Reference: Janet Mann, Brooke L. Sargeant, Jana J. Watson-Capps, Quincy A. Gibson, Michael R. Heithaus, Richard C. Connor, Eric Patterson (2008). Why Do Dolphins Carry Sponges? PLoS ONE, 3 (12) DOI: 10.1371/journal.pone.0003868

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There are 11 Comments. Add Yours.

  1. pixelsnake
    December 15, 2008

    This is really cool! It’s the first time I have heard of this though so I have a rather stupid question. What do the sponges actually do? Is it just to protect their nose while they’re rummaging through the dirt or does the sponge actually help them find the fish? If the latter, how does that work exactly? lol Just a tad confused.
    Thanks!

  2. DrugMonkey
    December 15, 2008

    So are we finally at the point we can stick a fork in the fundamental mistake of comparative cognition- i.e., that unique, incrementally learned and shaped behaviors in one exemplar of a species are indicative of the cognitive “level” of the entire species?

  3. windy
    December 15, 2008

    So are we finally at the point we can stick a fork in the fundamental mistake of comparative cognition- i.e., that unique, incrementally learned and shaped behaviors in one exemplar of a species are indicative of the cognitive “level” of the entire species?

    How does this study stick a fork in that notion?
    From Drugmonkey’s earlier post:

    Returning to a couple of additional “technologies” of the nonhuman ape brain, it turns out that chimpanzee’s highly touted ability to fish for termites with a bit of stick is a meticulously learned behavior taught by the mother. But..but.. tool use was supposed to be some qualitative watershed. A hugely significant difference in the animal kingdom between the “haves” and “have nots”. And believe you me it is a very large part of the comparative cognition theme to insist on examining “spontaneous” behaviors that are not trained and shaped though incremental learning.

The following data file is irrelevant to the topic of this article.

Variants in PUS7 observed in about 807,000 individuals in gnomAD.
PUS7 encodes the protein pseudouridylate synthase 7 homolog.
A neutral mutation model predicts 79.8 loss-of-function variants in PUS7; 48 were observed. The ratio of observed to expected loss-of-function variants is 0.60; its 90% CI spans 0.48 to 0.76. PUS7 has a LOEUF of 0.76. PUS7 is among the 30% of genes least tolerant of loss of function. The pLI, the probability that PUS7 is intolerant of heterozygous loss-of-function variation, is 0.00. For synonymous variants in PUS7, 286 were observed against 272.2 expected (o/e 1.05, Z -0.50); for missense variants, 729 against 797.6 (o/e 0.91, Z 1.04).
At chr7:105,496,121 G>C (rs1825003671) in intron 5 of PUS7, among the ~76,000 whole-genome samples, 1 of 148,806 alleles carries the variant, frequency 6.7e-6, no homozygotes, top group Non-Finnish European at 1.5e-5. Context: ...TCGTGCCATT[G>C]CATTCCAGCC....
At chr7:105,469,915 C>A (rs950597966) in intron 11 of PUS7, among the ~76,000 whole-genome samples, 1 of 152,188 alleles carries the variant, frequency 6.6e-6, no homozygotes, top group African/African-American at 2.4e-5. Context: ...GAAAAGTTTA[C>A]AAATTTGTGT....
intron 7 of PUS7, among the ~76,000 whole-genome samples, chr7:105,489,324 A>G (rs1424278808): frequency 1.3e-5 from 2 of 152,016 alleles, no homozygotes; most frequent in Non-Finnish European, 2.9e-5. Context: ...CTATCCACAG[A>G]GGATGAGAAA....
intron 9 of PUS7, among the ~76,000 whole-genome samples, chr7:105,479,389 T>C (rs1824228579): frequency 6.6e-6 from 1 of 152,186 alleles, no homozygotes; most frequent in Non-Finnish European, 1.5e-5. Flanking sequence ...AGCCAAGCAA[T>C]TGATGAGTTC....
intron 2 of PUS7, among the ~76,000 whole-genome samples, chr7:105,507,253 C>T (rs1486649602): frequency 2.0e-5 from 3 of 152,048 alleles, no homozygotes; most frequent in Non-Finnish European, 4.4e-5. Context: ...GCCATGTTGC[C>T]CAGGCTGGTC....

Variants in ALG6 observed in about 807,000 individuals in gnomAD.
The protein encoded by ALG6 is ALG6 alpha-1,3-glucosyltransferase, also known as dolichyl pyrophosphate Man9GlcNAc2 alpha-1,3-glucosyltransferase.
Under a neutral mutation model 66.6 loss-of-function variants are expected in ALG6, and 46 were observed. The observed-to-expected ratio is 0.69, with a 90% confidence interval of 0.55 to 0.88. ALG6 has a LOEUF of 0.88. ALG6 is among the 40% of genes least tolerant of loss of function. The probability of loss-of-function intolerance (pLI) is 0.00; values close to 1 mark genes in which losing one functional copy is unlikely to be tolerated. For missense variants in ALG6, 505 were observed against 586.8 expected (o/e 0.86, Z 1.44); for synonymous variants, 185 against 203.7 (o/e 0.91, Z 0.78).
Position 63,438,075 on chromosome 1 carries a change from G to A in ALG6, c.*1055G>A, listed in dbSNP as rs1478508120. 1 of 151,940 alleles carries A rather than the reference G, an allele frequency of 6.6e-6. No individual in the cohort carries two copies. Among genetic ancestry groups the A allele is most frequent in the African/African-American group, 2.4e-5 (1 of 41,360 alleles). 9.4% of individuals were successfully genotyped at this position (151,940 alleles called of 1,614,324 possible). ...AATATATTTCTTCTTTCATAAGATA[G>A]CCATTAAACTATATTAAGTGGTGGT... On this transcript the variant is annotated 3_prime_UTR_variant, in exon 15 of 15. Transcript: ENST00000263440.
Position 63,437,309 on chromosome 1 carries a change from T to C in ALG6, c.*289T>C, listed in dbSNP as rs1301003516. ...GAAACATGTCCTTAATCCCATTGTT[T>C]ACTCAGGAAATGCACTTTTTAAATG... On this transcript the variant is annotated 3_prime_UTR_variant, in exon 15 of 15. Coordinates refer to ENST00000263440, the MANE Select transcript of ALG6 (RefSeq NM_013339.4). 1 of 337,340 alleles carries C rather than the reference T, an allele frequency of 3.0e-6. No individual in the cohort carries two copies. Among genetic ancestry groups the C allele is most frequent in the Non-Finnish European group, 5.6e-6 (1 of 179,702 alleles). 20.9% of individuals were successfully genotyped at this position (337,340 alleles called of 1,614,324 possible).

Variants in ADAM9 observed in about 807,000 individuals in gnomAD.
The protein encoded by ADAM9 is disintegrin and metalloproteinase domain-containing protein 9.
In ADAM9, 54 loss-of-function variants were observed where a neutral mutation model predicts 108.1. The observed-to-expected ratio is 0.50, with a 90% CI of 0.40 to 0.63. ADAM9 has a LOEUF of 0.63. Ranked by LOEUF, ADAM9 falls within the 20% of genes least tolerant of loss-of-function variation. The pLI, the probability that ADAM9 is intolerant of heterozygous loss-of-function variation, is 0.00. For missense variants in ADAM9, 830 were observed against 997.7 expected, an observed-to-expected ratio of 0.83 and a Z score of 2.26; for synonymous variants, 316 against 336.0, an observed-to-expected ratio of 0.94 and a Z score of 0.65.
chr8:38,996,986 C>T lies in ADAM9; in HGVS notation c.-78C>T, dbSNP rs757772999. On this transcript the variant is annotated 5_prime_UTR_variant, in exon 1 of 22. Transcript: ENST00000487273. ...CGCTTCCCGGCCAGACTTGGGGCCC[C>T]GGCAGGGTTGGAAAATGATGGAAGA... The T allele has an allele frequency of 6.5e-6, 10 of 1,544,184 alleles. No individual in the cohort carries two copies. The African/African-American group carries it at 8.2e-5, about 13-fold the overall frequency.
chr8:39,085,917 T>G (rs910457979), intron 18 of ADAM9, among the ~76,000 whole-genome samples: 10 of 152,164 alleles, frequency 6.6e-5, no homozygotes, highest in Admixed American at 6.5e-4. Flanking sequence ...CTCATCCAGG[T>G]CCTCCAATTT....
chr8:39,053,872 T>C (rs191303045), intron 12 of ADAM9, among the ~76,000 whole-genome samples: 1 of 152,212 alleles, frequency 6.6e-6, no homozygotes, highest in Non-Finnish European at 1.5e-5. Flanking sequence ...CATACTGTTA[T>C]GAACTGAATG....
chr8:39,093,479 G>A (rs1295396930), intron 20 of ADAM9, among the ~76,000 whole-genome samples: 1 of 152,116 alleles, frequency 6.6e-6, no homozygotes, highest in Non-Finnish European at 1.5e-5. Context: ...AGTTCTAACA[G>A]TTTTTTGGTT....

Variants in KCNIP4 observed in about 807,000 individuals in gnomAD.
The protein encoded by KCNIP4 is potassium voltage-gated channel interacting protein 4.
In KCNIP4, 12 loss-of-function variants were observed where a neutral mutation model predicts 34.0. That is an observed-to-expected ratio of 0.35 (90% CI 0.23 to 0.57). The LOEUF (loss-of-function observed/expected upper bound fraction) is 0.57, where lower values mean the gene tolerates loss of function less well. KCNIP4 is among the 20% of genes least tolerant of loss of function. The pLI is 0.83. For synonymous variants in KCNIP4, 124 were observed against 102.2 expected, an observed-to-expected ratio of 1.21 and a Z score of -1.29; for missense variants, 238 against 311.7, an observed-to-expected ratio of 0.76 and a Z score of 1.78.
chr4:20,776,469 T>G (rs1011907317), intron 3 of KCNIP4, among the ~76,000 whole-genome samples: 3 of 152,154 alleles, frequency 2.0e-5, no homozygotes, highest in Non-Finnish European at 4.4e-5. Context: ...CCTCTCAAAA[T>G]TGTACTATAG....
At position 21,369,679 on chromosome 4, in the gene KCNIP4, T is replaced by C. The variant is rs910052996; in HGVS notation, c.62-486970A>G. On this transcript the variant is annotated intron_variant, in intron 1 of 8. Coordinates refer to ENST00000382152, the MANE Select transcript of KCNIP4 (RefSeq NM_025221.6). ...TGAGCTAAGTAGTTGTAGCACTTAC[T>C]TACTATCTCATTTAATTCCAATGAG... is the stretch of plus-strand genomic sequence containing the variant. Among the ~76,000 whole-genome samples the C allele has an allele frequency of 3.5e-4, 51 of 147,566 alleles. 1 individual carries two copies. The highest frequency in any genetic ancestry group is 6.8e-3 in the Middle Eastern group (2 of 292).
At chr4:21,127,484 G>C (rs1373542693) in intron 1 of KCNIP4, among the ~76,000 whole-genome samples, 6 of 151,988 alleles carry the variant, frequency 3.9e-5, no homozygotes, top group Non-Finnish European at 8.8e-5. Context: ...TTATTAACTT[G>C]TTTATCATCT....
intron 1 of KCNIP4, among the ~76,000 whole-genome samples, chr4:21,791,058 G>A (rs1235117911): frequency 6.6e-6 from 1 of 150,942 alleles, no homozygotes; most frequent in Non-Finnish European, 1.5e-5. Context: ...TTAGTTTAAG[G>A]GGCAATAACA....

I’ll have to believe you then, since I am not familiar with these comparative cognition types who insist this. But I think some of your railing here misses the mark since for many people, the very reason the chimpanzee termite fishing ability has been so “highly touted” is that it’s cultural, not innate or spontaneous! Otherwise they’d be just another woodpecker finch.

  4. Ed Yong
    December 16, 2008

    Pixelsnake – here’s the answer from Janet Mann herself:
    “The sponge helps uncover the prey without getting one’s beak all dinged up. In addition, a dolphin’s beak is narrow and the sponges are much wider- so they can cover more area. They use the sponge by gentle disturbing the seafloor. They aren’t going very deep and I think the fish are only partially covered in a little sand. The floor of the channels is coarse sand with bits of rock and shell- which would not be nice to skim with one’s beak alone! I don’t think they could find the fish very easily without the sponge.”

  5. DrugMonkey
    December 16, 2008